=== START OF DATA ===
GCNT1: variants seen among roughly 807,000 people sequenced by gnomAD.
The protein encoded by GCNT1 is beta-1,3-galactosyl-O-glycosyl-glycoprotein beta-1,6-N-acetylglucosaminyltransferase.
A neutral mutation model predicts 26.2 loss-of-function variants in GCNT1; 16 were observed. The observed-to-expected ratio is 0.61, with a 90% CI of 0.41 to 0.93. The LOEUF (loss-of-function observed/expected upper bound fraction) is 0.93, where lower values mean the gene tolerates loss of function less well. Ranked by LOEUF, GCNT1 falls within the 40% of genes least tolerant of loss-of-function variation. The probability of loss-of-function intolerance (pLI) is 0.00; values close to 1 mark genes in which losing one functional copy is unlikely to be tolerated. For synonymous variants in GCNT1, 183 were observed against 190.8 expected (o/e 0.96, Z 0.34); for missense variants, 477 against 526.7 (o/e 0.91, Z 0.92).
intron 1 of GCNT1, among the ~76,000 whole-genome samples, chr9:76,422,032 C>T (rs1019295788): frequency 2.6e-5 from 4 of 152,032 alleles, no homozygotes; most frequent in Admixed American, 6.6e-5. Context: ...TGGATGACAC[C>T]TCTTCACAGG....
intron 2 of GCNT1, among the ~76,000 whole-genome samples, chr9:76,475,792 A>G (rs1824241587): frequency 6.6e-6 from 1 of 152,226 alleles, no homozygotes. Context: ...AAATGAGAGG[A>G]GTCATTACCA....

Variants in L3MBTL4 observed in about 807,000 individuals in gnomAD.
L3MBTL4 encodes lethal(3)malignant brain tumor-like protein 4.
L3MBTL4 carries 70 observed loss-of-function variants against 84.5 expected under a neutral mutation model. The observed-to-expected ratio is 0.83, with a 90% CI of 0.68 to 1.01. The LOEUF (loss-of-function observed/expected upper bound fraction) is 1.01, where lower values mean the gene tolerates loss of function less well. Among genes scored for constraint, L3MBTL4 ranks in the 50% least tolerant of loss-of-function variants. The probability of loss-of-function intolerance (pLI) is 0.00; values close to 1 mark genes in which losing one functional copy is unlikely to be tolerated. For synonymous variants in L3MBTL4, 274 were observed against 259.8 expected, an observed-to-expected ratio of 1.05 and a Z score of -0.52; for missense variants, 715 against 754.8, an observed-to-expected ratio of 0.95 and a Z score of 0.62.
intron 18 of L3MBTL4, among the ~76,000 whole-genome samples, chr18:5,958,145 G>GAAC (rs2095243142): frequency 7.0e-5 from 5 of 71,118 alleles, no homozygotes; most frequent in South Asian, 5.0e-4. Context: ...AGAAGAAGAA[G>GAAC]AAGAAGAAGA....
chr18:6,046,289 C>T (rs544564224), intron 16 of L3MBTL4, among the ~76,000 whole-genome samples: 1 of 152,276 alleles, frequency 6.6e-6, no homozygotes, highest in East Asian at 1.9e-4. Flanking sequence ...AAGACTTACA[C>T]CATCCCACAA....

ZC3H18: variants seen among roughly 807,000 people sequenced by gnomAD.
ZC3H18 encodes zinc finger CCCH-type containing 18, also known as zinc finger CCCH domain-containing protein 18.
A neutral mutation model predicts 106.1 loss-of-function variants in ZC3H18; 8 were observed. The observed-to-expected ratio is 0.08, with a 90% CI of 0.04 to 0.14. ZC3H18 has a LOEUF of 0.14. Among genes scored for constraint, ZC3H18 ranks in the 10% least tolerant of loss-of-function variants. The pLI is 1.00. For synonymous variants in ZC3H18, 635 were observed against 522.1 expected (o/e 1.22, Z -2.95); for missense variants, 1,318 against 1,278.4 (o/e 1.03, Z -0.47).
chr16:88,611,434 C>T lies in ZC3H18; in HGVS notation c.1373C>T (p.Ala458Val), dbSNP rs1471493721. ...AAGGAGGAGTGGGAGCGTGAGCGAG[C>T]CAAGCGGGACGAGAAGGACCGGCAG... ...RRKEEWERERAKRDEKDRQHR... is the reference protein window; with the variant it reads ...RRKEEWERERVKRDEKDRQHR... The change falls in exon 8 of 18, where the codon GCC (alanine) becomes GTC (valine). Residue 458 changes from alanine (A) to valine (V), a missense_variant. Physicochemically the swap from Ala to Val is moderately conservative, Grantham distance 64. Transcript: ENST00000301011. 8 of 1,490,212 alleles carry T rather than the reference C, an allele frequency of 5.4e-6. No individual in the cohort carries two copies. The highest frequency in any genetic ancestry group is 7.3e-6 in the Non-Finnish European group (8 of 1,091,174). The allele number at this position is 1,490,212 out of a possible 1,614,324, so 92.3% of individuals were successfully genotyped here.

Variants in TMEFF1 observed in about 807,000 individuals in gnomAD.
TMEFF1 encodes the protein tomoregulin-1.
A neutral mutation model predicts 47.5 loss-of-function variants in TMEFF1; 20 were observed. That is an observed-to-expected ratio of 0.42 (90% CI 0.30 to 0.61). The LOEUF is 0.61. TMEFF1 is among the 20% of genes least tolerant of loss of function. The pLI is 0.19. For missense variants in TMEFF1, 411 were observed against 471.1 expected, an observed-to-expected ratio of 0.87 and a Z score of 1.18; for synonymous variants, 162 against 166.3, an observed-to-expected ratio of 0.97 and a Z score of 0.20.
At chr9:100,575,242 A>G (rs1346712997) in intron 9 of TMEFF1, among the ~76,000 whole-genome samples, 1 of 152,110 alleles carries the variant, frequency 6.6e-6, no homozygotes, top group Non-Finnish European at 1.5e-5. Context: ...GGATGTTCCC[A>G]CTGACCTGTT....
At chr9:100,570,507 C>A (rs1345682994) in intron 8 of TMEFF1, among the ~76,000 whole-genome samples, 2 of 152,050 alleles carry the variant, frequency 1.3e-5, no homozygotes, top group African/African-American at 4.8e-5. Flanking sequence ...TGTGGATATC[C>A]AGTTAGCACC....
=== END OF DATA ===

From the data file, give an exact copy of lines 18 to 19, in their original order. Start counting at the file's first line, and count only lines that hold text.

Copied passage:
At chr9:100,575,242 A>G (rs1346712997) in intron 9 of TMEFF1, among the ~76,000 whole-genome samples, 1 of 152,110 alleles carries the variant, frequency 6.6e-6, no homozygotes, top group Non-Finnish European at 1.5e-5. Context: ...GGATGTTCCC[A>G]CTGACCTGTT....
At chr9:100,570,507 C>A (rs1345682994) in intron 8 of TMEFF1, among the ~76,000 whole-genome samples, 2 of 152,050 alleles carry the variant, frequency 1.3e-5, no homozygotes, top group African/African-American at 4.8e-5. Flanking sequence ...TGTGGATATC[C>A]AGTTAGCACC....